Fresno Police

Details have begun to emerge about the three men who were shot and killed yesterday in downtown Fresno.

Mark Gassett was shot in the back as he walked home from Catholic Charities with groceries. The 39-year-old died on the scene. He had two children. Fifty-eight-year-old David Martin Jackson was shot outside the Catholic Charities office and died later at the hospital. 

Fresno PD

Fresno police say the man suspected of going on a murder spree Tuesday morning is cooperating with their investigation. Kori Ali Muhammad has walked police step-by-step through the process of how he killed three people and is showing no remorse for his crimes.

Chief Jerry Dyer on Wednesday explained to members of the media a second-by-second breakdown of the rampage that left three men dead, including playing recordings of the gunshots captured on police tracking equipment.

Ezra David Romero / Valley Public Radio

Some of the same people who warned state leaders about the probability of Oroville Dam failing are now sounding the alarm at San Luis Reservoir in Merced County.

It’s the first time since before the drought began that San Luis Reservoir in the hills west of Los Banos is nearly full at about 97 percent.

Jeffrey Hess / Valley Public Radio

This post will be updated

Three people in downtown Fresno are dead in an apparent murder spree Tuesday morning.

The suspect is 39-year old Kori Ali Muhammad. He was already wanted for the murder of a security guard at a Motel 6 on Blackstone Avenue in Fresno last week.

Shortly before 11:00 a.m. Tuesday, Muhammad allegedly shot and killed a PG&E worker in his company truck near Van Ness north of Divisadero. A co-worker driving the vehicle was not shot and rushed the victim to the police headquarters where he died.

Jeffrey Hess/KVPR

Many communities in the Central Valley struggle to provide enough green space and parks. In Hanford, residents have tried to figure out what to do with an 18-acre patch of dirt next to a popular city park. A vote by the city council tonight could begin the process of making a final decision about its future. Valley Public Radio’s Jeffrey Hess reports the scrap of land is the source of a surprising amount of controversy.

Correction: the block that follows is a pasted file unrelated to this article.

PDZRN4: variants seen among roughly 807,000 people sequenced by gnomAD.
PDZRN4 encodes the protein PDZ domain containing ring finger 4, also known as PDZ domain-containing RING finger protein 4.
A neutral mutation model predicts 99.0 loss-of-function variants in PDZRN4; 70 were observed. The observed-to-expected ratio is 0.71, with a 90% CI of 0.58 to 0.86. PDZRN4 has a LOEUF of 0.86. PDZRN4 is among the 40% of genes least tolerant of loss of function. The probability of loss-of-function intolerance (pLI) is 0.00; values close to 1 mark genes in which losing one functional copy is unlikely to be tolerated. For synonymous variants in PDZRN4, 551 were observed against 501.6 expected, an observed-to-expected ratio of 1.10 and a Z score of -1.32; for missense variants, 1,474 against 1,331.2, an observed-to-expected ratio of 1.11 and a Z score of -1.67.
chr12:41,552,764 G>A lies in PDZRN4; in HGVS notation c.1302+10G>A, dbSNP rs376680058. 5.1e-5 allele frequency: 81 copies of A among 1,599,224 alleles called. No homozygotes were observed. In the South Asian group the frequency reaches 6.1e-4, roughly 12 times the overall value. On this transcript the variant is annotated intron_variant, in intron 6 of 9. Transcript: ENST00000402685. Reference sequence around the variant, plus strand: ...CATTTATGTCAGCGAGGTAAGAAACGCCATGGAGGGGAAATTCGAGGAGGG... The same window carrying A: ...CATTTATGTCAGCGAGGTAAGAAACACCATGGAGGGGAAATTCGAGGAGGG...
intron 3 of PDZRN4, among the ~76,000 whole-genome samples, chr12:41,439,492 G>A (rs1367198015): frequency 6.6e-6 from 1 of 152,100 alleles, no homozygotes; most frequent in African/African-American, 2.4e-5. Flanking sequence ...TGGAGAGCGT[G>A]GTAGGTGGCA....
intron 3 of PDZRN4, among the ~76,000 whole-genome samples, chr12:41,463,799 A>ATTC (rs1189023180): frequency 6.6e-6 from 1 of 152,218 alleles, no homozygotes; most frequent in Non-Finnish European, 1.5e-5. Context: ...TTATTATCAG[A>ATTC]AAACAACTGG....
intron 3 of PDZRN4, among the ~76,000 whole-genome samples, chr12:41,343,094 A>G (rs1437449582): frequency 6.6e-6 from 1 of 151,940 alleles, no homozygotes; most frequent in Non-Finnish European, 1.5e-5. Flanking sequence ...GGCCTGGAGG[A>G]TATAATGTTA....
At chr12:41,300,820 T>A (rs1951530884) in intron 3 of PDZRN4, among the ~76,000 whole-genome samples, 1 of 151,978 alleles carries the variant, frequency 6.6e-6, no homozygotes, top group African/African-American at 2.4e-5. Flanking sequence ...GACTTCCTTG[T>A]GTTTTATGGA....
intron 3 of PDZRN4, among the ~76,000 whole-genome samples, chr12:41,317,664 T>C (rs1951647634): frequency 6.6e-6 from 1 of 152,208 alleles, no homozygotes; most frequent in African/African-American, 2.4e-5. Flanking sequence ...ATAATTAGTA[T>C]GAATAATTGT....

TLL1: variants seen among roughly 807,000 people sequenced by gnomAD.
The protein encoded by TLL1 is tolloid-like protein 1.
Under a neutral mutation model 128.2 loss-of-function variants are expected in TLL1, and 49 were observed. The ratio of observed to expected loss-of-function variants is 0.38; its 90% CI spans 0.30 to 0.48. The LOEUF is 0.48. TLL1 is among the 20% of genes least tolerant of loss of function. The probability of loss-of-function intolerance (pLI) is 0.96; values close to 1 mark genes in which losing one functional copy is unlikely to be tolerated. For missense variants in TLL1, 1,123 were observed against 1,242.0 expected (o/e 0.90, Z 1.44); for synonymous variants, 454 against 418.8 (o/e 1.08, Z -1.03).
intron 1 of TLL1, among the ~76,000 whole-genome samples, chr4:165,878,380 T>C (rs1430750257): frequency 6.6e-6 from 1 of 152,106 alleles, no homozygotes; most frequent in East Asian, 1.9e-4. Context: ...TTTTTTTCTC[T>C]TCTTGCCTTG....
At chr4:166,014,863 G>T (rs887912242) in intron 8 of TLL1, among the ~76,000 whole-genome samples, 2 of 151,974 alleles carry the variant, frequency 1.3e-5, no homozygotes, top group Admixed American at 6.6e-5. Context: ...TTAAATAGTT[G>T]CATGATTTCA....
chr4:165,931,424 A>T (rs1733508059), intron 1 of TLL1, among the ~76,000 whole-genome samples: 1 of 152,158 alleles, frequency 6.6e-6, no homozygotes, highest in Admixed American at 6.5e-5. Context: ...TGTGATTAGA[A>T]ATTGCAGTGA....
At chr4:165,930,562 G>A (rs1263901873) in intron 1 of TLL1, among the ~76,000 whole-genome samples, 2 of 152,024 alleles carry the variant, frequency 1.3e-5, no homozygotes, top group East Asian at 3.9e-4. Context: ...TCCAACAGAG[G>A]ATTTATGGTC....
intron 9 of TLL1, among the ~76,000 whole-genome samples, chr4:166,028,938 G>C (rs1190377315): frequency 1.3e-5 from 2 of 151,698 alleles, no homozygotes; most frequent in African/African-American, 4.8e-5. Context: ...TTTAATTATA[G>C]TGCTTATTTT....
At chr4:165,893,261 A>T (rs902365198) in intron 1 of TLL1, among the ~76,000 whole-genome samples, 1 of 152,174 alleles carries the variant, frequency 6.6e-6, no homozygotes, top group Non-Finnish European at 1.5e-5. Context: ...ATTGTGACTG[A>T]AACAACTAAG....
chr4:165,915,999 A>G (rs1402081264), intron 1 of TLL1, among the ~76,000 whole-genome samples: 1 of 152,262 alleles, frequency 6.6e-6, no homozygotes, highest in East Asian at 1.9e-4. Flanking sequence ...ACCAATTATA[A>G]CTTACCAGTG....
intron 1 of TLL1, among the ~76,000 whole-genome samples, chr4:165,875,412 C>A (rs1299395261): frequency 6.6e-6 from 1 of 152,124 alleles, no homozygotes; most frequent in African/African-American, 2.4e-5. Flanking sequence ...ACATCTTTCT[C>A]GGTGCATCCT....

At Hidden Valley Park in Hanford, families, children, dogs and ducks enjoy a picture perfect afternoon.

Courtesy Evo Bluestein

Central California has a rich folk music tradition, which is being documented in a new book by Evo Bluestein. "The Road to Sweet’s Mill  -- Folk Music in the West during the 1960s and ’70s" comes out later this year and tells the story of the people and places behind the region's folk music sound, which flourished at Sierra music camp that gives the book its name, as well as other venues. Bluestein is also presenting a special concert to celebrate the new book taking place this Saturday at Fresno State's Whalberg Recital Hall.

Sean Work / The Californian / Reporting on Health Collaborative

A local politician is in hot water with his own party leaders after opposing the state’s new transportation funding plan. Bakersfield Assemblyman Rudy Salas has been stripped of his chairmanship of the State Assembly’s Business and Professions Committee by Speaker Anthony Rendon.

The Kern County Democrat was the only member of his party to vote against the transportation deal that would raise gas taxes and vehicle fees. Salas was removed from the committee entirely. In a tweet he said he was removed from the committee for keeping his commitment to voters.